News Stories for Fri., Sep. 8, 2017

Several hundred lightning strikes blanketed Central Oregon yesterday and firefighters responded to new smoke reports. As of yesterday evening, firefighters were staffing 9 fires reported, most of them held at .10 acre, with the largest at 1 acre and minimal spread potential in the Diamond Peak Wilderness being staffed by smokejumpers. A Red Flag Warning remains in place through late tonight for abundant lightning and gusty outflow winds in parts of Central Oregon. We received varying amounts of rain though downpours were reported over the two large fires in the area, the Milli Fire west of Sisters, and the Nash Fire burning near Nash Lake in the Three Sisters Wilderness.

Interstate 84 will remain closed between Troutdale and Hood River as ODOT assesses safety threats to the road caused by the Eagle Creek Fire. There is no schedule for re-opening the road, with trees and rocks continuing to fall. The road will not re-open until ODOT and its partners determine it is safe for the public. On Thursday, sections of guardrail and some road signs were clearly damaged by fire. The fire is still burning but the U.S. Forest Service has authorized ODOT to begin inspections between milepost 37 and 41. The scale of the inspections will broaden as possible. Safety of first responders and travelers is the top priority.

The Warm Springs Fish & Wildlife Committee is hosting a Hunters Meeting this evening from 6-8:00 at the Community Center Social Hall. On the agenda is the 2017 regulations for on-reservation hunting and an opportunity to ask questions.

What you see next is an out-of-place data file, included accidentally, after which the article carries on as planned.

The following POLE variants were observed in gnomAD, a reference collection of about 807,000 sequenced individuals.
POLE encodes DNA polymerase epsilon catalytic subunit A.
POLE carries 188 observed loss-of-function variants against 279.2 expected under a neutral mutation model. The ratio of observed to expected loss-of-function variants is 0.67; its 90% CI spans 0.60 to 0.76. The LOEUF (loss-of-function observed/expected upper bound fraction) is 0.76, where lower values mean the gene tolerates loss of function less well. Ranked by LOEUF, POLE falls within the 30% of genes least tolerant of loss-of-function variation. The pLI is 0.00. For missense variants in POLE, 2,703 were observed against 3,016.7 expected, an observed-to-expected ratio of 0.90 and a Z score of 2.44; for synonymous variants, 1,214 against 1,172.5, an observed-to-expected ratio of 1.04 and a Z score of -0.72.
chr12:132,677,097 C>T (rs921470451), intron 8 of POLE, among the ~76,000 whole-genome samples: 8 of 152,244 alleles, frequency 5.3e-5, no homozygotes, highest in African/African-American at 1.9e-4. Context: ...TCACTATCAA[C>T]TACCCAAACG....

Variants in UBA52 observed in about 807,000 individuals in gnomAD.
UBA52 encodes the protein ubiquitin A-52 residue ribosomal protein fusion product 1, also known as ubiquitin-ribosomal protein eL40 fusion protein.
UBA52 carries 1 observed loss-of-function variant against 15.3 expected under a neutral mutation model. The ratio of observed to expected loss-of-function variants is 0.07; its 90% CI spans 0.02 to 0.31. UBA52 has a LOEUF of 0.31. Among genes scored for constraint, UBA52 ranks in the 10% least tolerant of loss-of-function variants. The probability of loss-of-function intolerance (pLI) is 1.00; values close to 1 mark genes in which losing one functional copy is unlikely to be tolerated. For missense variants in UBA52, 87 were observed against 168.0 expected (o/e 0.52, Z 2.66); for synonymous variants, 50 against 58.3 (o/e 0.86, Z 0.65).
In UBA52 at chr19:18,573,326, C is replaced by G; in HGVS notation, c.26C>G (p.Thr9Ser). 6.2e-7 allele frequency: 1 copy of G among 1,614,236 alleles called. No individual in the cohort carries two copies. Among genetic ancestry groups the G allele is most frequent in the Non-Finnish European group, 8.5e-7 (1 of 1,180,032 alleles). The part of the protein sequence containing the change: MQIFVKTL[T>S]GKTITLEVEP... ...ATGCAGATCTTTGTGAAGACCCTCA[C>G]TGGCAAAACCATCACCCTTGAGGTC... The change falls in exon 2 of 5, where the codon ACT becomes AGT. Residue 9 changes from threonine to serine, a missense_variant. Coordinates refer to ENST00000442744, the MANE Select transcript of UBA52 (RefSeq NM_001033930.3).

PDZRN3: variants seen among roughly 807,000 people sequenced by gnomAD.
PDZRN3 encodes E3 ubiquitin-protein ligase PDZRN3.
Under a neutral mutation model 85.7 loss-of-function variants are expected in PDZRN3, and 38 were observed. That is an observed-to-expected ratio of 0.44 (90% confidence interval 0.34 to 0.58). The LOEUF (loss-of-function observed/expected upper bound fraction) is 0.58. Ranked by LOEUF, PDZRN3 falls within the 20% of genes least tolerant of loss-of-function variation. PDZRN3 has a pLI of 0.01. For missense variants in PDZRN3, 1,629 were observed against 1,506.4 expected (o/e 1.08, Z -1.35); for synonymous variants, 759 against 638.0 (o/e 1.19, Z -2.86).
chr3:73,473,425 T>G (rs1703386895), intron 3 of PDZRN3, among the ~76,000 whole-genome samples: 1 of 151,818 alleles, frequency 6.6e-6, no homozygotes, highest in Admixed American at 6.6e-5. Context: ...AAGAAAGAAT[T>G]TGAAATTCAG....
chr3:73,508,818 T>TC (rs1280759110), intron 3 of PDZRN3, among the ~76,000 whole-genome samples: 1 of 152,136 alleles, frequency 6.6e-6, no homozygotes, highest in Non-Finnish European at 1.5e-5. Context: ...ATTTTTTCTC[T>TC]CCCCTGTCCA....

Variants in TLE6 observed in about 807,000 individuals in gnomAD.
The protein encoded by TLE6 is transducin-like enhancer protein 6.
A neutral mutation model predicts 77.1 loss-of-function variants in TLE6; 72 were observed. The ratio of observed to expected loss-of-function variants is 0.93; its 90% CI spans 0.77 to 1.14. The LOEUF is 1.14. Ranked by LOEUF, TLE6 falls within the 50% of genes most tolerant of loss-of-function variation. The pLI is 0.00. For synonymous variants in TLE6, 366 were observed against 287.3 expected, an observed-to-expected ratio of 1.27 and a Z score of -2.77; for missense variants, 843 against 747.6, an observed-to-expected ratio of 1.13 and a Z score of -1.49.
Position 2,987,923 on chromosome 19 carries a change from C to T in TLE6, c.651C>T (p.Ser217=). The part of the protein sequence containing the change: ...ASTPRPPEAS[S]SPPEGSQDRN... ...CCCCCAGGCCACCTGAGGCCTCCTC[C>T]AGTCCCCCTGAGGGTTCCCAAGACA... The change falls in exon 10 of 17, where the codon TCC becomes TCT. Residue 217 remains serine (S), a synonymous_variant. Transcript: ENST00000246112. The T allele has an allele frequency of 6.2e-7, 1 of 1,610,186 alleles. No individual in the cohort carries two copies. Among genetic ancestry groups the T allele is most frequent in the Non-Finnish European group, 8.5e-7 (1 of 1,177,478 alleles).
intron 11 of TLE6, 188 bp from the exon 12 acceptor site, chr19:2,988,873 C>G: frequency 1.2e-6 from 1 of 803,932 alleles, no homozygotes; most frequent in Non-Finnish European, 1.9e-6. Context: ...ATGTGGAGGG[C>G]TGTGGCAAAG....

Culver rolled past Madras yesterday 25-15, 25-10, 25-9 for a nonconference volleyball win. Today the football teams travel to Cottage Grove. Tomorrow, F & JV Volleyball play at La Pine, Varsity at Cascade High School.

The Eagle Creek Fire burning in the Columbia River Gorge is now the nation’s top firefighting priority. The designation, made by the National Interagency Fire Center, prioritizes national resources to the fire when officials ask for it, said Oregon State Fire Marshal’s Office Lt. Damon Simmons during a news conference Thursday morning. Three homes have burned and more than 1,800 people are affected by evacuation orders. The Chetco Bar Fire in Southwest Oregon was named the nation’s top fire priority late last month. That fire is still burning on more than 176-thousand acres.

One of the most powerful earthquakes ever to strike Mexico has hit off its southern Pacific coast, killing at least 15 people, toppling houses and businesses and sending panicked people into the streets more than 650 miles (1,000 kilometers) away. The U.S. Geological Survey said the earthquake hit off Chiapas state near the Guatemalan border with a magnitude of 8.1 — slightly stronger than the magnitude 8 quake of 1985 that killed thousands and devastated large parts of Mexico City.

The National Hurricane Center says Hurricane Irma weakened a bit more but remains a powerful threat to Florida with storm surges that could reach 10 feet in some places. Irma’s winds have dropped to 150 mph, still a Category 4 dangerous storm, but now it’s moving between Cuba and the Bahamas over warmer-than-normal waters, which can intensify tropical storms. Forecasters predict a life-threatening storm surge all around the lower coasts of the Florida Peninsula.